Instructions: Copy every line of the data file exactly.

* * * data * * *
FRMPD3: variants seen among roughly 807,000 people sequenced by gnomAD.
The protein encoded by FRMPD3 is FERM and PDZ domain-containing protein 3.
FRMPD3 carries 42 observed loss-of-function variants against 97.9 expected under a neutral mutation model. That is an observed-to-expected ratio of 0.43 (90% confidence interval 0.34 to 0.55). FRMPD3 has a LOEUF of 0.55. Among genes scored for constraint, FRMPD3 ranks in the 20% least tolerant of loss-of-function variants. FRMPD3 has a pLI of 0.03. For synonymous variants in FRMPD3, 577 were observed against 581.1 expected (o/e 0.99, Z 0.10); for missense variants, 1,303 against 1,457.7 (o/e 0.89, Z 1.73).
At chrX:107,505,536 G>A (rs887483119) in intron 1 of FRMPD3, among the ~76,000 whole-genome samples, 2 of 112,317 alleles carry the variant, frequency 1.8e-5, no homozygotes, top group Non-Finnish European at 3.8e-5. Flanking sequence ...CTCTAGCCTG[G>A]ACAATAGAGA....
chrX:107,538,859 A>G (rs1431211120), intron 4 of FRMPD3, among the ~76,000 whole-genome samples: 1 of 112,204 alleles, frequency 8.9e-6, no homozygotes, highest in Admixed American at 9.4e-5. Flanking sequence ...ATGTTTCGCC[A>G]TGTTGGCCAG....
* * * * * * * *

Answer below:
FRMPD3: variants seen among roughly 807,000 people sequenced by gnomAD.
The protein encoded by FRMPD3 is FERM and PDZ domain-containing protein 3.
FRMPD3 carries 42 observed loss-of-function variants against 97.9 expected under a neutral mutation model. That is an observed-to-expected ratio of 0.43 (90% confidence interval 0.34 to 0.55). FRMPD3 has a LOEUF of 0.55. Among genes scored for constraint, FRMPD3 ranks in the 20% least tolerant of loss-of-function variants. FRMPD3 has a pLI of 0.03. For synonymous variants in FRMPD3, 577 were observed against 581.1 expected (o/e 0.99, Z 0.10); for missense variants, 1,303 against 1,457.7 (o/e 0.89, Z 1.73).
At chrX:107,505,536 G>A (rs887483119) in intron 1 of FRMPD3, among the ~76,000 whole-genome samples, 2 of 112,317 alleles carry the variant, frequency 1.8e-5, no homozygotes, top group Non-Finnish European at 3.8e-5. Flanking sequence ...CTCTAGCCTG[G>A]ACAATAGAGA....
chrX:107,538,859 A>G (rs1431211120), intron 4 of FRMPD3, among the ~76,000 whole-genome samples: 1 of 112,204 alleles, frequency 8.9e-6, no homozygotes, highest in Admixed American at 9.4e-5. Flanking sequence ...ATGTTTCGCC[A>G]TGTTGGCCAG....